This was life in a microcosm. Just ahead of me, a toddler was bravely trying to perfect her walking skills using a stroller, while her parents walked behind her – pushed her infant sibling in a pram and admiring her efforts. She stumbled, got back and tried again – and when she took a few yards without stumbling, she was greeted by applause from all – and we had a beaming kid bent on making sure she picked the right skills to go far in the world. There were dogs everywhere. There were those nature gifts with a woolen sweater at birth, the long pudgy ones with very small legs (or should I say the vodafone dog’s cousins?), little ones that looked like they were toys and struggled to keep up with their elderly mistresses and those that looked like ponies (the equivalent of hummers on the road). They dashed about unencumbered by leads, chasing butterflies and generally having a whale of a time. A young couple engrossed in each other’s company were oblivious to the surroundings and the weather (now turning cold fast), bringing back memories of their past golden years to a few of the seniors bundled in a few jumpers and actively sharing stories..all in all, this was life itself – in précis.

Cut to the beautiful fountain and a statue of a very thoughtful young man center stage. This was Jenner – the gentleman who discovered the polio vaccine but decided to let it go unpatented in order to make it more accessible for the poor. I didn’t have a hat on, or I would have doffed it to him – it’s such men that give us hope.

I was very intrigued to note that the benches were dedicated to numerous persons – one was dedicated to an artist, one to a boy who had died in his teens and many such more – all with messages definitely composed by loved ones and bearing heartfelt stories no doubt. This was one park that had character – in troves.

Winter had shorn the trees of their leaves and a part of a large tree trunk lay on the ground weathering away. Amidst the decaying branches, white, purple and yellow flowers were peeping up and blooming – as were new shrubs. Life’s transformation is best seen in our parks and forests and you somehow intuitively understand that death is but a comma for another life to begin. Fittingly, this tree was bang opposite the bench dedicated to the boy who had died young..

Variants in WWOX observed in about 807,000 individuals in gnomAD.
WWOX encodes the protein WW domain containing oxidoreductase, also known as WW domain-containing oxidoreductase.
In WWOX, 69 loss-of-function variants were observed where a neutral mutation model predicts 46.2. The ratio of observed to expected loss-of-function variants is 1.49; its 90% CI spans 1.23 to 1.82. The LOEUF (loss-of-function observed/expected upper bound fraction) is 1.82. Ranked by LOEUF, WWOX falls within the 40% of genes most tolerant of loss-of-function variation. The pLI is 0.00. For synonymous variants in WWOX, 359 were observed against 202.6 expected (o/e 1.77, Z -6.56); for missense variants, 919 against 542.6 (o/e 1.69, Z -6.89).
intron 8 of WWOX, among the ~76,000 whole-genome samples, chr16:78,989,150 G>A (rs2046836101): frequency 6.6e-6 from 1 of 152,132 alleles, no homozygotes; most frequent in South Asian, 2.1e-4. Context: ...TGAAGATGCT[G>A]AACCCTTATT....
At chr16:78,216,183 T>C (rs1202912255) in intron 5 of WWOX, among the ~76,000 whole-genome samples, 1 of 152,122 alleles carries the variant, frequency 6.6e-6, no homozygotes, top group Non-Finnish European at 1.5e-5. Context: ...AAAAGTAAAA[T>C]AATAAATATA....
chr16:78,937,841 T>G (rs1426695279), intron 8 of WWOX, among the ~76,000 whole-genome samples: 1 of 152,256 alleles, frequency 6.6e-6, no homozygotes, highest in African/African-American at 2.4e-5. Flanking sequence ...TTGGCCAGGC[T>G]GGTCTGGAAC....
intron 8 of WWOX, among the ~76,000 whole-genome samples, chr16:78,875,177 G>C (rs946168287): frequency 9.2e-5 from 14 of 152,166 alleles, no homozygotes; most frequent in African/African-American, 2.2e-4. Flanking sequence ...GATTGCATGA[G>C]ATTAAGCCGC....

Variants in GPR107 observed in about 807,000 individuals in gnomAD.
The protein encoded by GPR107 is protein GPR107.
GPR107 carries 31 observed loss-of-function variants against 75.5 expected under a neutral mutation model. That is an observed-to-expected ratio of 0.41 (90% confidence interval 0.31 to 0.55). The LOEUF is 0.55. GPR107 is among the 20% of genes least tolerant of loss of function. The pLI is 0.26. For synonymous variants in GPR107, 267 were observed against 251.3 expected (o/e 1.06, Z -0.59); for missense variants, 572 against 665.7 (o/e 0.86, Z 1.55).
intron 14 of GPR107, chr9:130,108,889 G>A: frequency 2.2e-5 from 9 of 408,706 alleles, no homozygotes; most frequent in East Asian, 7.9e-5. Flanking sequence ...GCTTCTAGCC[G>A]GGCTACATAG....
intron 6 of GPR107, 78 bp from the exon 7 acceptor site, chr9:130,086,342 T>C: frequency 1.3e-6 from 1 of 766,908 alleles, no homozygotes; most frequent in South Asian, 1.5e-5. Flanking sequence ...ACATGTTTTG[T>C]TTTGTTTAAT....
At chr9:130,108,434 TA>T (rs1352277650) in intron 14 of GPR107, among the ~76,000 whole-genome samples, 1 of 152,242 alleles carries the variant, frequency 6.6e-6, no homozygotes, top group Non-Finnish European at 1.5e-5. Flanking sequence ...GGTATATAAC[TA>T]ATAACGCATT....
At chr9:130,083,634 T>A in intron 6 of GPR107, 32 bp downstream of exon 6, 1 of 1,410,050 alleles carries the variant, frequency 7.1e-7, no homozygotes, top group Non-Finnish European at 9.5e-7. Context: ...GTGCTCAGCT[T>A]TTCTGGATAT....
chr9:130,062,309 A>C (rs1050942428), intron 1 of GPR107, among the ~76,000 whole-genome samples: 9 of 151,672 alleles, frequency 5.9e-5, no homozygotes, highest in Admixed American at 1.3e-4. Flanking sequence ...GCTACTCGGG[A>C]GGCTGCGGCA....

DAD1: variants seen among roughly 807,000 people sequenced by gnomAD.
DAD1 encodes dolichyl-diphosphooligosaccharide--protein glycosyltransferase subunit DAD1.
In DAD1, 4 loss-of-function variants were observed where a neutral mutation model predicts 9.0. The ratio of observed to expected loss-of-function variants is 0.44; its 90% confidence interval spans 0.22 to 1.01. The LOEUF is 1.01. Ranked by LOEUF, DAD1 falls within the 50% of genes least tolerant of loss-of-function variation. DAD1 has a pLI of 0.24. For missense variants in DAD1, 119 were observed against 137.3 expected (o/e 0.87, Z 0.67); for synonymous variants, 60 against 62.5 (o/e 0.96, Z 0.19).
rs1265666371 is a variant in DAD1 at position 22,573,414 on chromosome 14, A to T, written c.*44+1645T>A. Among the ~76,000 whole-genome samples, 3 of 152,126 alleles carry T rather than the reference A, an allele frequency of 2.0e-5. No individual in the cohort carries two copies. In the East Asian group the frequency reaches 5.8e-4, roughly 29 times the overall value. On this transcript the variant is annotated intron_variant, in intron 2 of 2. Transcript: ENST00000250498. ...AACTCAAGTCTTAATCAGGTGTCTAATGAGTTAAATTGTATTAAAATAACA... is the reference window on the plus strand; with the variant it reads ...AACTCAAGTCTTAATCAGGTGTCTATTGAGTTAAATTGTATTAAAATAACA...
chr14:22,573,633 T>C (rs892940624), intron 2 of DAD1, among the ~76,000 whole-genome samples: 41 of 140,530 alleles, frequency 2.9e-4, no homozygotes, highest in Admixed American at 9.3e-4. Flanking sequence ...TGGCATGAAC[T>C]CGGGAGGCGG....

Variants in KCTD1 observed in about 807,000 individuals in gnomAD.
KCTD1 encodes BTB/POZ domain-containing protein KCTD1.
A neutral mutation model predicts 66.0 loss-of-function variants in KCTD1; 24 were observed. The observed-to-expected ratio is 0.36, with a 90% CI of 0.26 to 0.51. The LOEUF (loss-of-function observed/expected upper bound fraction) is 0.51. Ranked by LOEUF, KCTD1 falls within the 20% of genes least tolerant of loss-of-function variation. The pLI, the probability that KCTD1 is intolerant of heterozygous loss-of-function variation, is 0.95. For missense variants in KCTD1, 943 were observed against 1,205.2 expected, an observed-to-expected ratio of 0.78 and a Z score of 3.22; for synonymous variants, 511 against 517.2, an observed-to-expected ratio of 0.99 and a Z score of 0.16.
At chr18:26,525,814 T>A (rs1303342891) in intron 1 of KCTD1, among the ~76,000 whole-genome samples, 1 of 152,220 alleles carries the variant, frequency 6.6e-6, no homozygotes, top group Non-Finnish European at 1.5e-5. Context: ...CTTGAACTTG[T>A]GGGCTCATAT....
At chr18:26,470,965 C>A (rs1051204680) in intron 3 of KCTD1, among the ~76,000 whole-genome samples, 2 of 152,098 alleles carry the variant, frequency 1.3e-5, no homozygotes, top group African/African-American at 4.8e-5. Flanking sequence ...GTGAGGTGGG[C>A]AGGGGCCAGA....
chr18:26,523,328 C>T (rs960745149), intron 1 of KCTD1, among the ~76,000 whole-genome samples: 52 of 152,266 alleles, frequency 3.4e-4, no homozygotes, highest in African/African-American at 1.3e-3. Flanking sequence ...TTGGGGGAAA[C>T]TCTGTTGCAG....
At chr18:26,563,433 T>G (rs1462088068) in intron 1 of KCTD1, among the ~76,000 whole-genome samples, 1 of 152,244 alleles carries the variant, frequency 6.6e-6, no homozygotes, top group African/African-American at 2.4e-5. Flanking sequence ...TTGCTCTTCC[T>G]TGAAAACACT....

A little further, there was a statue of a little boy playing an instrument. He had a lot of strange creatures looking upto him – this seems to be the magical Peter pan. The magic was working, and the crowds were having a very busy time taking photos with him in their frames. And this made me happy – the tourists were here as well! No matter where you go on earth, you are likely to see two types of folks brandishing cameras. The first use point-and-click equipment and their aim is to capture moments that show they have been there. They are there one moment and gone the next leaving only a few bottles of coke behind. The second are the enthusiasts, they bring serious equipment and their attempt to capture pictures is part of wanting to be part of the scenery experience. They are generally well read (mostly very well read and very appreciative of the environment) and just seeing what they are capturing can get you to enjoy the experience a little more. I followed the folks with long lenses (and long hairs) accordingly and saw that they were zoomed in on some very elegant swans in the stream. I walked across to the benches by the water and sat down, watching the birds and ducks. A wonderful captioned board indicated the various species we could hope to spot, highlighting the plumage, eating patterns, migratory tendencies and so on. I sat mesmerized as I watched these waddle away, unmindful of all the people and happenings around; apparently just moving with the flow – almost zennish. A half hour later I walked back enjoying the drizzle from above and nature all around. Now more sensitive to her working, I spotted wondrous creations all around me – little flowers, multi-shaded leaves on the stray shrubs, squirrels squirreling and birds surveying the scenery from little wooden stumps. You can’t help feeling privileged when in such August company – but here’s the thing – you need to spend quality time to become one with her and start admiring nature – these are not like the amusement parks which use noise, loud colors and contraptions to pull you by force in their direction.